Berkeley Open Infrastructure for Network Computing

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BOINC logo July 2007.svg
BOINC Manager 7.6.22 running on macOS
BOINC Manager 7.6.22 running on macOS
Developer(s)University of California, Berkeley
Initial release10 April 2002; 18 years ago (2002-04-10)
Stable release
7.16.11 Windows

2 September 2020; 2 months ago (2020-09-02)

7.16.11 macOS 30 August 2020; 2 months ago (2020-08-30)

7.4.22 Linux 17 September 2014; 6 years ago (2014-09-17)

7.4.53 Android 3 July 2016; 4 years ago (2016-07-03)

Preview release
7.16.6 Linux

5 April 2020; 7 months ago (2020-04-05)

7.16.3 Android 10 October 2019; 13 months ago (2019-10-10)

Repository Edit this at Wikidata
Written inC++ (client/server)
PHP (project CMS)
Java/Kotlin (Android client)
Operating systemWindows
TypeGrid computing and volunteer computing
LicenseGNU Lesser General Public License[1]
Project licensing varies

The Berkeley Open Infrastructure for Network Computing (BOINC, pronounced /bɔɪŋk/ – rhymes with "oink"[2]) is an open-source middleware system for volunteer computing and grid computing.[3] Originally developed to support the SETI@home project, it became generalized as a platform for other distributed applications in areas as diverse as mathematics, linguistics, medicine, molecular biology, climatology, environmental science, and astrophysics, among others.[4] BOINC aims to enable researchers to tap into the enormous processing resources of multiple personal computers around the world.

BOINC development originated with a team based at the Space Sciences Laboratory (SSL) at the University of California, Berkeley and led by David Anderson, who also leads SETI@home. As a high-performance distributed computing platform, BOINC brings together about 137,805 active participants and 791,443 active computers (hosts) worldwide processing on average 41.548 PetaFLOPS as of 17 March 2020[5] (it would be the fifth largest processing capability in the world compared with an individual supercomputer Supercomputer TOP500 list). The National Science Foundation (NSF) funds BOINC through awards SCI/0221529,[6] SCI/0438443[7] and SCI/0721124.[8] Guinness World Records ranks BOINC as the largest computing grid in the world.[9]

BOINC code runs on various operating systems, including Microsoft Windows, macOS, Android,[10] Linux and FreeBSD.[11] BOINC is free software released under the terms of the GNU Lesser General Public License (LGPL).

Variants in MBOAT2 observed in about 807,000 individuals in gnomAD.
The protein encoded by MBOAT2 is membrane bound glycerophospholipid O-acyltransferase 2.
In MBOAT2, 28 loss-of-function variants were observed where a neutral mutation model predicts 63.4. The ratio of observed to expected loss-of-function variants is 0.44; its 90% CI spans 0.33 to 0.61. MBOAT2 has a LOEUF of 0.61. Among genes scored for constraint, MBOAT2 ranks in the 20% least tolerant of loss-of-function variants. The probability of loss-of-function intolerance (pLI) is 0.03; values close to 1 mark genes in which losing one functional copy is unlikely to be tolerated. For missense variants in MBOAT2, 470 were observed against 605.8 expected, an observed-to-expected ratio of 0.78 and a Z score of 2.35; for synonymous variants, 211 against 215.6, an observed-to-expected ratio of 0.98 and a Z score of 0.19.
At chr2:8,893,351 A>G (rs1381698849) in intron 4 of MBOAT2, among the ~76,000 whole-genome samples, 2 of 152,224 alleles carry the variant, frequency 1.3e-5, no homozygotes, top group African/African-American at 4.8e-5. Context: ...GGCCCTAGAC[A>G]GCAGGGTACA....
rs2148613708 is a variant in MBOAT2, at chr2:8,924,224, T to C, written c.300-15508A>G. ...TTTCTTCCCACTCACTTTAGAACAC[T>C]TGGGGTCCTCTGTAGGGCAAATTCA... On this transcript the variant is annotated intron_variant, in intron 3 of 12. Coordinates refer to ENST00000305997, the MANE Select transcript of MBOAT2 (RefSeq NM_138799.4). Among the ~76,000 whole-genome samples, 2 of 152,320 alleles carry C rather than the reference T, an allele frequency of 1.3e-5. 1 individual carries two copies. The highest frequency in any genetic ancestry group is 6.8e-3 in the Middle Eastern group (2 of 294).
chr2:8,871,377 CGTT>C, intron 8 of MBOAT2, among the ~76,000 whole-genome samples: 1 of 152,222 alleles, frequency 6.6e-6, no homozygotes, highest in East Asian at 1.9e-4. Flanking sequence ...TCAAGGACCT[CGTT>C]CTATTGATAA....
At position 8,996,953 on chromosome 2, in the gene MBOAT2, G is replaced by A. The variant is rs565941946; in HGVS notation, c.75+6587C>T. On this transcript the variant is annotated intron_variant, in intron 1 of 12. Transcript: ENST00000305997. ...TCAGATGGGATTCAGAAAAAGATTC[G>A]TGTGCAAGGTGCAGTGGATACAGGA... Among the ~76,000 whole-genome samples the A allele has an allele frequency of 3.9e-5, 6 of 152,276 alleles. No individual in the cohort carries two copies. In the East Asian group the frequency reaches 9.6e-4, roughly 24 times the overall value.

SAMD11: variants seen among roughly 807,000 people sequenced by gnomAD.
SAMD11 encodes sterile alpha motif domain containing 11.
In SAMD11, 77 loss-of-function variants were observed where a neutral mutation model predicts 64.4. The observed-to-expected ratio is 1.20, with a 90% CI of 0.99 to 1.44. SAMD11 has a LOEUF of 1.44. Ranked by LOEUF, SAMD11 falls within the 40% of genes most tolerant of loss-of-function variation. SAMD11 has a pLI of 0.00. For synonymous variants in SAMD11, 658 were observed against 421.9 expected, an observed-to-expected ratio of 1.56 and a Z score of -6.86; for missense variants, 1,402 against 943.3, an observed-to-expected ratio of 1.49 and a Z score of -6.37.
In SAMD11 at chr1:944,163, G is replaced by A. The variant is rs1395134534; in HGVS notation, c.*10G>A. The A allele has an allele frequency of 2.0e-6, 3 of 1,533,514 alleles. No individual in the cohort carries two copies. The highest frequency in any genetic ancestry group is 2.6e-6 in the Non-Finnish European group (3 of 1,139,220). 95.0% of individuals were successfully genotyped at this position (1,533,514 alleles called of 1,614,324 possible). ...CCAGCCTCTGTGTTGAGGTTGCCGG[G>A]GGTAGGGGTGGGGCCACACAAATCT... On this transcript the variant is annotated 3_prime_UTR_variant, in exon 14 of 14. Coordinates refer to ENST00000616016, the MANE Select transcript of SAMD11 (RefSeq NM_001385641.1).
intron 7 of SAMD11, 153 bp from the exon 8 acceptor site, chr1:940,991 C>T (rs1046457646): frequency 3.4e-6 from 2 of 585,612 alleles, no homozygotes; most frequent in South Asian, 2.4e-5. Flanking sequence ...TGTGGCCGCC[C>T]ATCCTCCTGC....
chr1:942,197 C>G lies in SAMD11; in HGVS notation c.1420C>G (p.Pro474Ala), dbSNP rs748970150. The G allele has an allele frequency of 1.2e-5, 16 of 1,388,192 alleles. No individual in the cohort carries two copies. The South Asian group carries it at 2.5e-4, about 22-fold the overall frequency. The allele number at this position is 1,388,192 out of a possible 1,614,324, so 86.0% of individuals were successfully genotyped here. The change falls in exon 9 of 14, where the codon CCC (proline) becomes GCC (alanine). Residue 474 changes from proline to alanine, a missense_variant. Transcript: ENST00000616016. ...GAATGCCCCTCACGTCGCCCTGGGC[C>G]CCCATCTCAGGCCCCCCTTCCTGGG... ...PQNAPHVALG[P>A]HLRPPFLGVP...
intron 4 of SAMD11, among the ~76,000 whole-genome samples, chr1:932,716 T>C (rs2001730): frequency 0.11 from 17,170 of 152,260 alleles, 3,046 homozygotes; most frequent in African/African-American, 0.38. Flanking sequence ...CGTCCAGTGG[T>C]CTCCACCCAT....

BOINC was originally developed to manage the SETI@home project.

The original SETI client was a non-BOINC software exclusively for SETI@home. It was one of the first volunteer grid computing projects, and not designed with a high level of security. As a result, some participants in the project attempted to cheat the project to gain "credits," while some others submitted entirely falsified work. BOINC was designed, in part, to combat these security breaches.[12]

The BOINC project started in February 2002, and the first version was released on April 10, 2002. The first BOINC-based project was Predictor@home launched on June 9, 2004. In 2009, AQUA@home deployed multi-threaded CPU applications for the first time,[13] followed by the first OpenCL application in 2010.

As of 17 March 2020, there are 31 active BOINC projects.[14]

Design and structure[edit]

The BOINC Manager working on the SETI@home project (v 7.6.22)
BOINC Manager icon

In essence, BOINC is software that can use the unused CPU and GPU cycles on a computer to do scientific computing—what one individual does not use of his/her computer, BOINC uses. In late 2008, BOINC's official website announced that Nvidia had developed a system called CUDA that uses GPUs for scientific computing. With NVIDIA's assistance, some BOINC-based projects (e.g., SETI@home, MilkyWay@home) now have applications that run on NVIDIA GPUs using CUDA. Beginning in October 2009, BOINC added support for the ATI/AMD family of GPUs also. These applications run from 2 to 10 times faster than the former CPU-only versions. In 7.x preview versions, GPU support (via OpenCL) was added for computers using Mac OS X with AMD Radeon graphic cards.

BOINC consists of a server system and client software that communicate with each other to distribute and process work units and return the results.

User interfaces[edit]